Fuhrman breaks the Nutritarian Diet down into four primary principles:
Maximize Nutrient Density: When you follow the Nutritarian diet, you focus on the quality, not the quantity of your calories. The plan uses the Aggregate Nutrient Density Index (ANDI) to rank foods by nutrient density per calorie. Kale and broccoli come in around 1,000, while chips and soda scores close to one.
Achieve Nutritional Adequacy: The Nutritarian diet emphasizes the importance of getting enough micronutrients in your food and through supplementation if necessary. These include zinc, iodine, omega-3s, vitamin B12, and vitamin D.
Maintain Hormonal Balance: Through the Nutritarian diet, Dr. Fuhrman reports that you should monitor two hormones (insulin and IGF-1) to protect yourself from diseases like diabetes and cancer. That’s one reason why the eating plan is high in fibrous foods that keep insulin under control.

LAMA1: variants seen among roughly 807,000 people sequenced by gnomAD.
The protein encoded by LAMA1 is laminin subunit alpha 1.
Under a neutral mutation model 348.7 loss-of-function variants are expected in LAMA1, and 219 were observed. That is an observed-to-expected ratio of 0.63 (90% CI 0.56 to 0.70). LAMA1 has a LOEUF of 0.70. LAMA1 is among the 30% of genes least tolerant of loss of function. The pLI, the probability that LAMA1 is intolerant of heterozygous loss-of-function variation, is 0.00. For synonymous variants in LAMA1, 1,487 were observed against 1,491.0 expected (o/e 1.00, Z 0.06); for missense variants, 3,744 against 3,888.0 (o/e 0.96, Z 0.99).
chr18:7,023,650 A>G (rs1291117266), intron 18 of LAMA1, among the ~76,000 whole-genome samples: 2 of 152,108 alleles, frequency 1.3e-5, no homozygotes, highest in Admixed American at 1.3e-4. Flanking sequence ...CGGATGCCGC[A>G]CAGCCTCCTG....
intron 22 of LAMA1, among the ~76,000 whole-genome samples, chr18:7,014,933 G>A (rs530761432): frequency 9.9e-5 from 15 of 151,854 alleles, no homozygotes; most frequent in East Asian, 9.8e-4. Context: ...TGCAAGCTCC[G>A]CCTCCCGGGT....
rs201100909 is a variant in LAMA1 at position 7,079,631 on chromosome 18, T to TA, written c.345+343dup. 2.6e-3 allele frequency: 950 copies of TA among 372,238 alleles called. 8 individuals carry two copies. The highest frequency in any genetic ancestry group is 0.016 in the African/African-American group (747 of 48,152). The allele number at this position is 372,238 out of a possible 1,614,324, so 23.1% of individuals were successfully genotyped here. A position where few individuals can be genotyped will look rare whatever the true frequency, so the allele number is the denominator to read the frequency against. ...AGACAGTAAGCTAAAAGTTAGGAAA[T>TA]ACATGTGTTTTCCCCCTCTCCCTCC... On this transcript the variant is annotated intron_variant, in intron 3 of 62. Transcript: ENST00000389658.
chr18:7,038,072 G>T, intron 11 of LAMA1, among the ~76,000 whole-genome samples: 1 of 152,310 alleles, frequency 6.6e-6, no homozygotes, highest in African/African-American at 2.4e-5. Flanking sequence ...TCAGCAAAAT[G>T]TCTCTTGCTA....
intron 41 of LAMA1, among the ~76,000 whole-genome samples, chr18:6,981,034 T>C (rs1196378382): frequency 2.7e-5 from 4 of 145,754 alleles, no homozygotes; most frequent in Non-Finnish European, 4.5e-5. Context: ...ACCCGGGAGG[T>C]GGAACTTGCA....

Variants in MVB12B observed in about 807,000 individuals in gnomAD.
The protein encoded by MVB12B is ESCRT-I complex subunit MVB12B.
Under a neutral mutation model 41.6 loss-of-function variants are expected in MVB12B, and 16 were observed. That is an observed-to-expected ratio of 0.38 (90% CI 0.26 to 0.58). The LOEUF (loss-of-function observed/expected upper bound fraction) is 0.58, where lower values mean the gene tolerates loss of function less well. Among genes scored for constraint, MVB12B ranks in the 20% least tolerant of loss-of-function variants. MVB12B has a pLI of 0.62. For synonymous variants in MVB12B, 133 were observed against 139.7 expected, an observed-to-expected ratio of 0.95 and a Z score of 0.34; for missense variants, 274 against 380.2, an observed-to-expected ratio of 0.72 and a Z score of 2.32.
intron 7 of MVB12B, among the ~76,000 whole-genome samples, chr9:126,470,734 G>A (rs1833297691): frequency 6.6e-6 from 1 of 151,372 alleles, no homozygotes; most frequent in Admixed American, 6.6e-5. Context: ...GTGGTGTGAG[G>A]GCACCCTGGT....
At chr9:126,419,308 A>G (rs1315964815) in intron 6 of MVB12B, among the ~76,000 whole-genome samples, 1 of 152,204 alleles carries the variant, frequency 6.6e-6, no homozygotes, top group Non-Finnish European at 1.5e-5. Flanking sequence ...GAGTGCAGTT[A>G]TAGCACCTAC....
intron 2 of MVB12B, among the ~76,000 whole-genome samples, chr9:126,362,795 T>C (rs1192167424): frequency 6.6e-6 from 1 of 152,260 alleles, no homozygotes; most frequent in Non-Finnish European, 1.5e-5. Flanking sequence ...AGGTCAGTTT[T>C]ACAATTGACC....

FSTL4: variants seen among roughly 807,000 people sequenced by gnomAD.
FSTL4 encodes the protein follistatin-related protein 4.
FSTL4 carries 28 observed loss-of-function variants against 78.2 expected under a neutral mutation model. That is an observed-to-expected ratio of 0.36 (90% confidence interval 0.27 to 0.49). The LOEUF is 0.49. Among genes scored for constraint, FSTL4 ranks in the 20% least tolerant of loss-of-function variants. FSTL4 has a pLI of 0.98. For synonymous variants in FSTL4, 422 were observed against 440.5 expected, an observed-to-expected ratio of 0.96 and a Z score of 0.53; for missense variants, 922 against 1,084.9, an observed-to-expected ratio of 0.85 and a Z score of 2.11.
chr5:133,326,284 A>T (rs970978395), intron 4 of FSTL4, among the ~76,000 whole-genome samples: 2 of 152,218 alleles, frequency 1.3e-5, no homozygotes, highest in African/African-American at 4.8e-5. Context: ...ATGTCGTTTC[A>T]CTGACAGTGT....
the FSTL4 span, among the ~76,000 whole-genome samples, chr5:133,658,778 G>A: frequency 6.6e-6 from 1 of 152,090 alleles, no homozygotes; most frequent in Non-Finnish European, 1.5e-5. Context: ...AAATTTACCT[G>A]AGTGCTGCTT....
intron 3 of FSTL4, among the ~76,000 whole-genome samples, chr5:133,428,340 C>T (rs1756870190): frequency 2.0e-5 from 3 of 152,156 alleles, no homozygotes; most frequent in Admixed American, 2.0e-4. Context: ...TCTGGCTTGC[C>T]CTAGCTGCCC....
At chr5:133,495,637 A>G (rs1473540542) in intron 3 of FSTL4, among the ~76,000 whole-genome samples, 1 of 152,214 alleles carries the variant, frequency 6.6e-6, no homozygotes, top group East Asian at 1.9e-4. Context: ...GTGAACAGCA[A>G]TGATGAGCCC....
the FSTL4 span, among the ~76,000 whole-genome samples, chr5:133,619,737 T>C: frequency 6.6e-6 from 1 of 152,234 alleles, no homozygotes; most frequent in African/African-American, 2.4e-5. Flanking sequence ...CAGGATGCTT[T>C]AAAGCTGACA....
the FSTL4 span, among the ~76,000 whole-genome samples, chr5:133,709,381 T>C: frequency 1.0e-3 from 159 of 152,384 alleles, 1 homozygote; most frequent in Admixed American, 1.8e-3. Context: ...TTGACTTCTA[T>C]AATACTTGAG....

Avoid Dietary Toxins: Avoiding toxin exposure is an aim of the Nutritarian diet. You will need to remove all processed foods from your meals and focus on filling up on plant foods to help your body eliminate dietary toxins.
We also learned several other tips for success on the Nutritarian Diet through the company website.
These include eating your “G-Bombs” each day (greens, beans, onions, mushrooms, berries, and seeds), only eating at mealtimes, avoiding processed food and sweeteners, and replacing one meal each day with a fresh salad. The Nutritarian diet also encourages vigorous daily exercise.
What Can You Eat on the Nutritarian Diet?
As the Nutritarian Diet is primarily a plant-based eating strategy, your meals will consist of plenty of fresh produce, beans, and nuts, as well as a smattering of whole grains and seeds.
You won’t consume much meat or eggs and will cut sweeteners and processed food out of your diet entirely (or minimize them as much as possible).